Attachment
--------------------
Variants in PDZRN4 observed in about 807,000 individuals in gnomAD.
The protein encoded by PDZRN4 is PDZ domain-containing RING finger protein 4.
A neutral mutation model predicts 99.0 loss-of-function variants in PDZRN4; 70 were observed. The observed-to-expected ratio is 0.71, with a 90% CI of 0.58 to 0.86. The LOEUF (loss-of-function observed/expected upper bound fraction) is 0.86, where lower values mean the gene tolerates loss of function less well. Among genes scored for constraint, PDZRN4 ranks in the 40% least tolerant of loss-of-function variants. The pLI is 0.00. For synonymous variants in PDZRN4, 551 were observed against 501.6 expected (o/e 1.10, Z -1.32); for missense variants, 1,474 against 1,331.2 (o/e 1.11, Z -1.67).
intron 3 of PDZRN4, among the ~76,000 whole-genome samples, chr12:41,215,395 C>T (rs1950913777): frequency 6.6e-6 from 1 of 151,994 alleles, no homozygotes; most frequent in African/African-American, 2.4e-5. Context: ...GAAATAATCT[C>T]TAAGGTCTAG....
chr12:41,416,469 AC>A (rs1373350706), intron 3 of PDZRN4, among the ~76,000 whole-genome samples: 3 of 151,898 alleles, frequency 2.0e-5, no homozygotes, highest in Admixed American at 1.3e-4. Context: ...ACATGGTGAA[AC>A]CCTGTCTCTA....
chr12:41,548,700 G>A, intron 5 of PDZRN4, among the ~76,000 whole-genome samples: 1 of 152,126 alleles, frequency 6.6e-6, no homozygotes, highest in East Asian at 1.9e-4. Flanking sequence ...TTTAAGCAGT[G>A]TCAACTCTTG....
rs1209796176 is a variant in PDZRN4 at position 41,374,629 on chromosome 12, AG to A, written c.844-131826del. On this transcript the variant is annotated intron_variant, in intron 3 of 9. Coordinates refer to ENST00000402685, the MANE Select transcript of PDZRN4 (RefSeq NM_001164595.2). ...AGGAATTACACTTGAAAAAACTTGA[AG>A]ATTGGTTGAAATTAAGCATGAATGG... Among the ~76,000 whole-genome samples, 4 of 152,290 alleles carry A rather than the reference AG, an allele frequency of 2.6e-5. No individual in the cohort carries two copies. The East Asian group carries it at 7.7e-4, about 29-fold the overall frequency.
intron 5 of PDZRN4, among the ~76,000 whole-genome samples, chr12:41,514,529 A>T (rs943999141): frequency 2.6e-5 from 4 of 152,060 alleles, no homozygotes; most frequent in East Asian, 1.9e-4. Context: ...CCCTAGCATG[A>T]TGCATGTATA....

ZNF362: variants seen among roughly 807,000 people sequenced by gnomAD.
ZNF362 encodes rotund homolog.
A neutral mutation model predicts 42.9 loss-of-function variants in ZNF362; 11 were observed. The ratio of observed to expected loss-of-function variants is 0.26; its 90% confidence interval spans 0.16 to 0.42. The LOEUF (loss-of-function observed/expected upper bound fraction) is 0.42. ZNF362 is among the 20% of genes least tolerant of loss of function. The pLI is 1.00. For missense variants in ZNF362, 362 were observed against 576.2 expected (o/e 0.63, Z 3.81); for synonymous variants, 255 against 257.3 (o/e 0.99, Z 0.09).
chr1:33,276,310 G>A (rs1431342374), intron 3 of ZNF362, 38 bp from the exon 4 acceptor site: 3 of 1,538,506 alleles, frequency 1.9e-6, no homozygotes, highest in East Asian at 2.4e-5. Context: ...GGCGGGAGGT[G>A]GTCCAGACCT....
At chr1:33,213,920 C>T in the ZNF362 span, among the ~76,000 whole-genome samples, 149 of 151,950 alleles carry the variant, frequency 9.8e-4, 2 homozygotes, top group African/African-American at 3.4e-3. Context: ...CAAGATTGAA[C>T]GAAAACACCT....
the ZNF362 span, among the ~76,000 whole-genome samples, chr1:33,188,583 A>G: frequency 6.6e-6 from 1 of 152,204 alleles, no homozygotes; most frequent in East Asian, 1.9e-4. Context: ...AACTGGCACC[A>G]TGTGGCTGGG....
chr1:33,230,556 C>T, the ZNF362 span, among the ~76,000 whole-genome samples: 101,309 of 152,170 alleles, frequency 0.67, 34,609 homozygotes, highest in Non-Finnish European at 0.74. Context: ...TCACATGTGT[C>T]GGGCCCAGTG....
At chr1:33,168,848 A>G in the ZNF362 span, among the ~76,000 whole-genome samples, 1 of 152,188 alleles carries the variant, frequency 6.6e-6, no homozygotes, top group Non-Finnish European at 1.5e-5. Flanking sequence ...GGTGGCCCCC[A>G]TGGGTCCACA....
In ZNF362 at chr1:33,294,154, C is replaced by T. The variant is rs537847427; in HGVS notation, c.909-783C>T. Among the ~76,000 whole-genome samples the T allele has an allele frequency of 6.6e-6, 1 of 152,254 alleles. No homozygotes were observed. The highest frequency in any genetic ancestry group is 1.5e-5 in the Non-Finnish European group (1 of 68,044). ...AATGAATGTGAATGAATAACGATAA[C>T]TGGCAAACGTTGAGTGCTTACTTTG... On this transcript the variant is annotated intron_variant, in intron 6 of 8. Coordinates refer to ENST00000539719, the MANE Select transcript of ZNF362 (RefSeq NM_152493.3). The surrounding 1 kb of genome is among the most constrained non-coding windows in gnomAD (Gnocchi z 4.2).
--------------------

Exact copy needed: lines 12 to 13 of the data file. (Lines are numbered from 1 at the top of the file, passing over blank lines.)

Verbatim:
chr1:33,276,310 G>A (rs1431342374), intron 3 of ZNF362, 38 bp from the exon 4 acceptor site: 3 of 1,538,506 alleles, frequency 1.9e-6, no homozygotes, highest in East Asian at 2.4e-5. Context: ...GGCGGGAGGT[G>A]GTCCAGACCT....
At chr1:33,213,920 C>T in the ZNF362 span, among the ~76,000 whole-genome samples, 149 of 151,950 alleles carry the variant, frequency 9.8e-4, 2 homozygotes, top group African/African-American at 3.4e-3. Context: ...CAAGATTGAA[C>T]GAAAACACCT....